Date of Award

5-4-2007

Degree Type

Thesis

Degree Name

Master of Arts (MA)

Department

Communication

First Advisor

Dr. James F. Darsey - Chair

Second Advisor

Dr. Mary E. Stuckey

Third Advisor

Dr. Michael L. Bruner

Abstract

American presidents have maintained an equilibrium between the role of church and state in government affairs via the nation’s civil religion and a “rhetorical contract” between those secular and sacred interests. While other presidents have incorporated religion in their rhetorical execution of office, George W. Bush has done so in a manner different from his predecessors, emphasizing the role of faith in his administration’s beliefs, actions, and policies. Such rhetoric upsets the tenuous relationship between sectarian and secular affairs. Bush’s breach of the rhetorical contract can be explained by Foucault’s notion of pastoral power. Using practices once associated with the church, the savvy government leader may better control his public. I argue that President Bush has shifted the balance of power between organized religion and government, specifically by means of the Office of Faith-Based and Community Initiatives, thereby corrupting traditional notions of civil religion in the process of implementing his unique form of new pastoral power.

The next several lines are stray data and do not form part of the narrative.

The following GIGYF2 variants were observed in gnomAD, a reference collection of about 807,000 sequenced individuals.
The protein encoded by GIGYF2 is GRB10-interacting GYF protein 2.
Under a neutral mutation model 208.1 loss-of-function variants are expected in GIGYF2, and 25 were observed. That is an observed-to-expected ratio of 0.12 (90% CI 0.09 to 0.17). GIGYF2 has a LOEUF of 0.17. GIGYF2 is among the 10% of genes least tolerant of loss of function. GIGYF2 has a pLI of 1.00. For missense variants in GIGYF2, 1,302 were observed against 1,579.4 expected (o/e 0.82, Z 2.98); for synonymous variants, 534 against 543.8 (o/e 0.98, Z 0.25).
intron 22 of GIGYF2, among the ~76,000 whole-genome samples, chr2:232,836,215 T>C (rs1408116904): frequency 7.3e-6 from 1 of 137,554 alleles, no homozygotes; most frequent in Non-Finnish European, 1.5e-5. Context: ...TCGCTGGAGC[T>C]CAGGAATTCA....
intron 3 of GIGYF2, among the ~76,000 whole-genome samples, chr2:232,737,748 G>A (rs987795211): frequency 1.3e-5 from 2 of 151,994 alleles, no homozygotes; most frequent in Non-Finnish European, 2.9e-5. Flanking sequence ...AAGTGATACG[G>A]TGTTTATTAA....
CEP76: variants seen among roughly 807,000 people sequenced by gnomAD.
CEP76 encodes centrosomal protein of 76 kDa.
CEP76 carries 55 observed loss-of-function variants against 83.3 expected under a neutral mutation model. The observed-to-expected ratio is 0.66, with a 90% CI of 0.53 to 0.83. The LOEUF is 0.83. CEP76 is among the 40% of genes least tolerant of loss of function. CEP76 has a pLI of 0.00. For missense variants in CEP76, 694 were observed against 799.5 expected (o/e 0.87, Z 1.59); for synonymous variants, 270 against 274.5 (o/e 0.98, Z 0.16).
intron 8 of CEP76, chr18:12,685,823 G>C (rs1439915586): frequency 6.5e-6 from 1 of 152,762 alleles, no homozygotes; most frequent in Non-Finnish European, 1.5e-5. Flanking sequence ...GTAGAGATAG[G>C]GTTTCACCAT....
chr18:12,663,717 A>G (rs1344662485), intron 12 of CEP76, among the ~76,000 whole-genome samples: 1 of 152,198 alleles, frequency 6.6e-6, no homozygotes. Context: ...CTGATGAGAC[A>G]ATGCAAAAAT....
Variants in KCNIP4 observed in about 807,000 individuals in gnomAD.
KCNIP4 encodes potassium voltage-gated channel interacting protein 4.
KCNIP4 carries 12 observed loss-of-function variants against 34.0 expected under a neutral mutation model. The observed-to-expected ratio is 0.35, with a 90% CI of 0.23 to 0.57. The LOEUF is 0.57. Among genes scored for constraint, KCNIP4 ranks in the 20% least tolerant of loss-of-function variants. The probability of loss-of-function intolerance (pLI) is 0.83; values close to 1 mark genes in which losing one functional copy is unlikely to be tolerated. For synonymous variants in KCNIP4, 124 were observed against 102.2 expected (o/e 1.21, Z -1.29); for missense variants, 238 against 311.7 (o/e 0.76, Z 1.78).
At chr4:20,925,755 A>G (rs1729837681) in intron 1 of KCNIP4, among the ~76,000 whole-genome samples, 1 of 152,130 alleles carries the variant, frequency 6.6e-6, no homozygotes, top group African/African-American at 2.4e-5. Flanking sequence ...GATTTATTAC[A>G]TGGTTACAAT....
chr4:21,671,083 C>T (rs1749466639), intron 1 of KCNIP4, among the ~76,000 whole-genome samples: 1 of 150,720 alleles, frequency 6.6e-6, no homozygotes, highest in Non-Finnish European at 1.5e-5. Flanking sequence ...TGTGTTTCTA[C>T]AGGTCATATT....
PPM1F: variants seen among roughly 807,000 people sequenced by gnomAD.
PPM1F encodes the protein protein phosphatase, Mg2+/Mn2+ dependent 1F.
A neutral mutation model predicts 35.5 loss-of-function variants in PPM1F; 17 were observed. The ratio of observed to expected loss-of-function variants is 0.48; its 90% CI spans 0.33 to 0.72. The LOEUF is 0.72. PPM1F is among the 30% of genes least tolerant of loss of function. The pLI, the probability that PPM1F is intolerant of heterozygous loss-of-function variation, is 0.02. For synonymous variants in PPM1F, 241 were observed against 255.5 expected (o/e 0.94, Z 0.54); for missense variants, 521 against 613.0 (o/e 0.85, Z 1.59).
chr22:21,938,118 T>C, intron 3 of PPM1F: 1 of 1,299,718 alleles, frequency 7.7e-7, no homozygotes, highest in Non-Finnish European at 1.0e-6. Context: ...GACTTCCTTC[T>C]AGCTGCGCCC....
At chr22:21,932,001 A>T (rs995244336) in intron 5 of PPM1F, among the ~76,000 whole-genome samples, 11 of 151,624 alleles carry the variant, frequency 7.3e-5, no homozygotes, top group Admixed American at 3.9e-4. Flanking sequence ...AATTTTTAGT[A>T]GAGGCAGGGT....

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Communication Commons

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